Date of Award

Spring 2017

Project Type


Program or Major


Degree Name

Doctor of Philosophy

First Advisor

Eberhard Moebius

Second Advisor

Nathan A Schwadron

Third Advisor

Philip A Isenberg


Interstellar pickup ions constitute a charged particle population that originates from interstellar neutrals inside the heliosphere. They are produced by photoionization, charge exchange with solar wind ions, and electron impact ionization (EI). Once ionized, they are picked up by the interplanetary magnetic field (IMF) and rapidly swept outward with the solar wind. Typically, pickup ion distributions have been described in terms of a velocity distribution function that evolves through fast pitch angle scattering followed by adiabatic cooling during radial transport in the reference frame of the solar wind [e.g., Vasyliunas & Siscoe, 1976, VS76 hereafter].

In the VS76 model, the slope of the isotropic velocity distributions is controlled by the combination of the ionization rate and the cooling process. Thus far, for the cooling index that relates the slope of the velocity distribution to the radial transport and expansion of the pickup ions a constant value of 3/2 has been widely used. The implicit assumptions to arrive at this value are immediate PUI isotropization due to pitch angle scattering and solar wind expansion with the square of the distance from the Sun. Any experimental determination of the cooling index depends on the knowledge of the ionization rate and its spatial variation, as well as solar wind and interplanetary conditions. In this thesis, we study their influences on the PUI cooling index and separate them by making use of the two complementary helium PUI data sets from SWICS instrument on the ACE spacecraft, and PLASTIC instrument on STEREO spacecraft. We use the pickup ion observations from ACE SIWCS in the last solar cycle to determine the cooling index, and the possible effects of the electron impact ionization on the determination of the cooling index. With pickup ion observations from STEREO PLASTIC, we determine how solar wind expansion patterns affect the cooling index.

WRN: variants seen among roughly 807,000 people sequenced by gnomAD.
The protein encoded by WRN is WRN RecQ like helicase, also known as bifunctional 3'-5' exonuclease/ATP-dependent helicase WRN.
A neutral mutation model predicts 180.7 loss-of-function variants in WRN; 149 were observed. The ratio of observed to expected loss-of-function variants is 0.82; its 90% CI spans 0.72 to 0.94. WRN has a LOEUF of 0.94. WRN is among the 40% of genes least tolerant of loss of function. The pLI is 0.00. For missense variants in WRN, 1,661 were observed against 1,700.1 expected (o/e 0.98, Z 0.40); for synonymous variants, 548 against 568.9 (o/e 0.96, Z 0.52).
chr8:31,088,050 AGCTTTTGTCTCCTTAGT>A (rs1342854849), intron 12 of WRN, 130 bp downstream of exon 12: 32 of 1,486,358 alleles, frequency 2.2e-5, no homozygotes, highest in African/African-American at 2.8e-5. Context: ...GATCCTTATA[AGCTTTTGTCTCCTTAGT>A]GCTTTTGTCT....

We find that the cooling index varies substantially with solar activity and suspect that these variations may be due to the influence of electron impact ionization, solar wind structures, and slow pitch angle scattering. Electron impact ionization, which does not scale as 1/r2, is shown to have negligible influence on the cooling index and its variations. However, the effects of solar wind compression and rarefaction regions are found to be important. Comparisons of the pickup ion cooling behavior in the compression and rarefaction regions show that the radial solar wind expansion behaviors that differer from the usual 1/r2 scaling may play the leading roles in the observed variations. A kinetic model of PUI is used to quantitatively describe their behavior in co-rotating interaction regions (CIR). The simulated distributions mimic closely the observed variations in the cooling behavior of PUIs in these regions. In addition, suprathermal tails appear to emerge from the PUI distributions inside compression regions, which provide further evidence that some particles of this population are accelerated locally in CIR compression regions even in the absence of shocks.